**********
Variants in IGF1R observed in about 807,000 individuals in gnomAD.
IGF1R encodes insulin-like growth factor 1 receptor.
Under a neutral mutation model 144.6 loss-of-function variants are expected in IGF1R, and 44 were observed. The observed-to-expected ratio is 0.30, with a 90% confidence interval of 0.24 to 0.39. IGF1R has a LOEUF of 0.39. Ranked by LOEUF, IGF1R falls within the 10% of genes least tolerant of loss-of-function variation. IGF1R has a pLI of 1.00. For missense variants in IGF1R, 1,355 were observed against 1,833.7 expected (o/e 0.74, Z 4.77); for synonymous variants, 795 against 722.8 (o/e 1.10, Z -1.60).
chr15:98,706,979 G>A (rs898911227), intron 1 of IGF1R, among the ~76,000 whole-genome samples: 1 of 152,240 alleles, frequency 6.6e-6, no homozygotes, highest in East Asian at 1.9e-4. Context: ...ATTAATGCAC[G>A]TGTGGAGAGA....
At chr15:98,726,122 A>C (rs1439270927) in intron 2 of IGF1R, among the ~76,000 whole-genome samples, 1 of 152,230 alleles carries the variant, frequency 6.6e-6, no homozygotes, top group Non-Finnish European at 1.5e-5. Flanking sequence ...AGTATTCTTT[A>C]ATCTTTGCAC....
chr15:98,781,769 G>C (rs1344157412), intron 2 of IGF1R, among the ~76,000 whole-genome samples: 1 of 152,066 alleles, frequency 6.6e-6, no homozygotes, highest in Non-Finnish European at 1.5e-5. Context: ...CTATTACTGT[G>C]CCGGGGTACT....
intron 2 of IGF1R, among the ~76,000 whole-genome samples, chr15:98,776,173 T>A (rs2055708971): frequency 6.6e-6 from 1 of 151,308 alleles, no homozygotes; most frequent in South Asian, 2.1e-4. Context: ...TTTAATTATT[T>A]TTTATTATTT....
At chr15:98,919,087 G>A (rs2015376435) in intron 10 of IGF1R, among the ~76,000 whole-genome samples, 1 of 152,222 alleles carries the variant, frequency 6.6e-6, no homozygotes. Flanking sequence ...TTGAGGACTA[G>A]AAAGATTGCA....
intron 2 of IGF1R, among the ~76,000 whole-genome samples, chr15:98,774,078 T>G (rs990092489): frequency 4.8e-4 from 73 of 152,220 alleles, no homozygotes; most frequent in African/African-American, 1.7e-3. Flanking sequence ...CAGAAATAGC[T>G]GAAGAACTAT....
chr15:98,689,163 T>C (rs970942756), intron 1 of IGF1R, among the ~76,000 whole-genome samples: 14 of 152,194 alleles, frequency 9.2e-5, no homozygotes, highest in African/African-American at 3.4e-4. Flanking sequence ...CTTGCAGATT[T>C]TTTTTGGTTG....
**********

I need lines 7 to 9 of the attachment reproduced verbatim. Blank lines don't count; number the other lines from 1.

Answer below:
intron 2 of IGF1R, among the ~76,000 whole-genome samples, chr15:98,776,173 T>A (rs2055708971): frequency 6.6e-6 from 1 of 151,308 alleles, no homozygotes; most frequent in South Asian, 2.1e-4. Context: ...TTTAATTATT[T>A]TTTATTATTT....
At chr15:98,919,087 G>A (rs2015376435) in intron 10 of IGF1R, among the ~76,000 whole-genome samples, 1 of 152,222 alleles carries the variant, frequency 6.6e-6, no homozygotes. Flanking sequence ...TTGAGGACTA[G>A]AAAGATTGCA....
intron 2 of IGF1R, among the ~76,000 whole-genome samples, chr15:98,774,078 T>G (rs990092489): frequency 4.8e-4 from 73 of 152,220 alleles, no homozygotes; most frequent in African/African-American, 1.7e-3. Flanking sequence ...CAGAAATAGC[T>G]GAAGAACTAT....